Exhausted carer

I meant to say. Hubby so bad this week I phoned his GP. Through the receptionist she said give him paracetamol and check his temperature! He has Parkinsons not flu!!!

Hey there Autumn lady

In a moment of possibly misguided humour, am tempted to ask what has stopped you from setting up an orphanage for homeless children in some war torn part of the world…surely you have had time and energy for that?

You know, however much we think we have reason to feel guilty, and whether we do or not, it does us no good…( unless we have done something truly bad in which case we might get locked up, or our OH removed to a place of safety…problem solved! ) in fact it makes our job even more difficult, so even if ( which I strongly doubt) you had a reason to feel guilty, don’t. Tell yourself that it is not helpful. So you shouted, were impatient, felt murderous , felt like walking out, did walk out for the sake of your sanity and safety, so what? You are human and you are still there and still doing your best which is good enough. It may not be the best ( what is…and who is in fact doing that?) but it is good enough and that is what matters. Really. Whatever other people look like on the outside, you can be sure they are feeling like you on the inside and doing / thinking all sorts that they would not want other people to know about.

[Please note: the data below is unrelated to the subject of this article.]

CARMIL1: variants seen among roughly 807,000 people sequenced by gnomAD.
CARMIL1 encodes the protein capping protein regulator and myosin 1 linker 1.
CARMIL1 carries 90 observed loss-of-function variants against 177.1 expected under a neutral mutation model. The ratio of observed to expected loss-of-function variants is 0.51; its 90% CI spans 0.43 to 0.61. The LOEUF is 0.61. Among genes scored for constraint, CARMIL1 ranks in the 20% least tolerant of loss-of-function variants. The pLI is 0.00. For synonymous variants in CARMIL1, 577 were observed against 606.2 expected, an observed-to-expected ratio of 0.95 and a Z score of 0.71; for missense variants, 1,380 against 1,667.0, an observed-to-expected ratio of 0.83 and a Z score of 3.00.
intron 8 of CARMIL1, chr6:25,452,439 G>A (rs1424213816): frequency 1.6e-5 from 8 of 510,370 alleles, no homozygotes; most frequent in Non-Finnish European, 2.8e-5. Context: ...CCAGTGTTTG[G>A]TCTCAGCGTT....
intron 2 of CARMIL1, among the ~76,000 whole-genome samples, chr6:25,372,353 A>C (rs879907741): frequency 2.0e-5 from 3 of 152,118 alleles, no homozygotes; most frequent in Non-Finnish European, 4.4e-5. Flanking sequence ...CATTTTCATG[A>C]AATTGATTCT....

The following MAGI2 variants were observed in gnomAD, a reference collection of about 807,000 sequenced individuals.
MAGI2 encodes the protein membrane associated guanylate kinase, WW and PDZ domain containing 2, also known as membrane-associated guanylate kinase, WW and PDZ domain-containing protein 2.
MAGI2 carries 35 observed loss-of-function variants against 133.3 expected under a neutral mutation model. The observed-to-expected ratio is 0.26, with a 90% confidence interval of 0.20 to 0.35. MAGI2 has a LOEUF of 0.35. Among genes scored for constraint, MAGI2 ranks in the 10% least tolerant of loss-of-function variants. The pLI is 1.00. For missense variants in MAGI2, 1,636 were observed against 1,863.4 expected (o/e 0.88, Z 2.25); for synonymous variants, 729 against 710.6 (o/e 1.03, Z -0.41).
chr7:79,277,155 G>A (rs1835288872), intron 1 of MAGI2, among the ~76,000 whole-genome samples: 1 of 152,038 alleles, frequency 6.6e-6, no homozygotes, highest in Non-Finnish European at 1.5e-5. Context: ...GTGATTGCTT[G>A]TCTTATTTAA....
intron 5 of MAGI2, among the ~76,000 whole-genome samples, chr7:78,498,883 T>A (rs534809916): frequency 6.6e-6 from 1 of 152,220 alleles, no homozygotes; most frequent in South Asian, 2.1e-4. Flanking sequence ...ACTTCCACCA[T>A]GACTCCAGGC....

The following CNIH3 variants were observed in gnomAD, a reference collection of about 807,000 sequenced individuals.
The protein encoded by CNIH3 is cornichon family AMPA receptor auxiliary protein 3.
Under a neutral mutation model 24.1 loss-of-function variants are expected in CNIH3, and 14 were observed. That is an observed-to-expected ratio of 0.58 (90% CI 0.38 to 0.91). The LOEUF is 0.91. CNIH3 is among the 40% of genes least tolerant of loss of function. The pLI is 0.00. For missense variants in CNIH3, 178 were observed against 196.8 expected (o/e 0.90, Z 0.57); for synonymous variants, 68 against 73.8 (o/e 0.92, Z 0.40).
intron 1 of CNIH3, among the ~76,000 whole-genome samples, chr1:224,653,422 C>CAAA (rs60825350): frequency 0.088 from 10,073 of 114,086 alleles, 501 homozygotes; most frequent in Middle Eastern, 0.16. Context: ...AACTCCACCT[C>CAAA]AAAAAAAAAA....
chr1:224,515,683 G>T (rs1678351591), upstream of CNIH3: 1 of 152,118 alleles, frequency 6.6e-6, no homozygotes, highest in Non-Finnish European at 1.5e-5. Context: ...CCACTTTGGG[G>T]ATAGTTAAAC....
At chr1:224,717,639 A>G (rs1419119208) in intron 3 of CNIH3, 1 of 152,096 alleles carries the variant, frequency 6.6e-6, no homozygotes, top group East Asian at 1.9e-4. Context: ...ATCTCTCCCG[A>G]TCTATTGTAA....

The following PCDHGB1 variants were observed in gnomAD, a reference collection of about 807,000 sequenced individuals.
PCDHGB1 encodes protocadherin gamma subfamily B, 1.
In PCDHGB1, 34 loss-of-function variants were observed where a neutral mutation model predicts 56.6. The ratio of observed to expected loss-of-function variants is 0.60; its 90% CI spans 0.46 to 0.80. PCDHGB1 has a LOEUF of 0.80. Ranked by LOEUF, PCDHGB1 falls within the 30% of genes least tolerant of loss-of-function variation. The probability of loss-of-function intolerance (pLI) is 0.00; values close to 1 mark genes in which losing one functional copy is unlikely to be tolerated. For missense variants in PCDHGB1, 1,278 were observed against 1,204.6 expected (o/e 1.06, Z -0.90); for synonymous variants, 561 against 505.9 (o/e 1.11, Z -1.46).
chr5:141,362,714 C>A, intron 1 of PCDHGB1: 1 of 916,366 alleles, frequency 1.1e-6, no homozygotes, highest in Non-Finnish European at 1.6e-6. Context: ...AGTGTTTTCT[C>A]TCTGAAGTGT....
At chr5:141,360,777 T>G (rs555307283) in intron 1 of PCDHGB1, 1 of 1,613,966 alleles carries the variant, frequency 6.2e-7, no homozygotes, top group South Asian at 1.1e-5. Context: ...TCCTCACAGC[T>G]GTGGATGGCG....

Secondly, if you were being selfish, you would not be looking after your OH and putting your own health needs second ( or third or fourth). If you were being selfish , you would be ignoring his needs and what is right for him ( which for some people includes finding residential care) and you would be doing anything you can to make your life easier, not his. Even taking a break, as your carers’ support suggest , is not being selfish, it would be trying to make sure you can continue to look after your OH, ( unless you are planning a six month world cruise but somehow I doubt that comes into the equation) , even though you in your own right deserve a holiday, just like anyone else, carer or not. Most people take such things for granted and never question their “ right” or need to take a break. A week (or better two) ‘s holiday in the sun, by the sea, up a mountain, in a darkened room, whatever (we can but fantasise) might look “ selfish” to someone who is wholly ignorant about the life of a carer, but it is a matter of survival and making sure that tiredness does not turn into exhaustion then burnout and all the associated risk of harm that comes with that, to our own health as well as to our “ loved ones” ( dare I say not always very loveable). How does it benefit them if we go under? We owe it to them as much as to ourselves to have a break. It might be impossible to arrange that at the moment, but we can plan, start saving maybe, getting into the right mindset which will make it possible ( please read the relevant chapter in Hugh Marriott’s book for carers if you have any doubts about this whole issue).